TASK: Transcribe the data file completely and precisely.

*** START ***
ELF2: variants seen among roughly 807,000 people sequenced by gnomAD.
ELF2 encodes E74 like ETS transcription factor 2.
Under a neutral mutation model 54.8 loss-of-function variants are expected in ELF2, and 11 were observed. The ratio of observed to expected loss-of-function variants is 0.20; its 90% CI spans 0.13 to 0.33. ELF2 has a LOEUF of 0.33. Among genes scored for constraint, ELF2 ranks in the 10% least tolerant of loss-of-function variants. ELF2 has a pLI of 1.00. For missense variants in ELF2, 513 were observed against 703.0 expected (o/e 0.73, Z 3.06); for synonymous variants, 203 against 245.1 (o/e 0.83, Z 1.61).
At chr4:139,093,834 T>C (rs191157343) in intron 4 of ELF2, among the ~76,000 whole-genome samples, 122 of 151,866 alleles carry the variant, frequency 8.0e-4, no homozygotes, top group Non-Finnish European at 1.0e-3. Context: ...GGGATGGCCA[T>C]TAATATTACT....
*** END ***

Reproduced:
ELF2: variants seen among roughly 807,000 people sequenced by gnomAD.
ELF2 encodes E74 like ETS transcription factor 2.
Under a neutral mutation model 54.8 loss-of-function variants are expected in ELF2, and 11 were observed. The ratio of observed to expected loss-of-function variants is 0.20; its 90% CI spans 0.13 to 0.33. ELF2 has a LOEUF of 0.33. Among genes scored for constraint, ELF2 ranks in the 10% least tolerant of loss-of-function variants. ELF2 has a pLI of 1.00. For missense variants in ELF2, 513 were observed against 703.0 expected (o/e 0.73, Z 3.06); for synonymous variants, 203 against 245.1 (o/e 0.83, Z 1.61).
At chr4:139,093,834 T>C (rs191157343) in intron 4 of ELF2, among the ~76,000 whole-genome samples, 122 of 151,866 alleles carry the variant, frequency 8.0e-4, no homozygotes, top group Non-Finnish European at 1.0e-3. Context: ...GGGATGGCCA[T>C]TAATATTACT....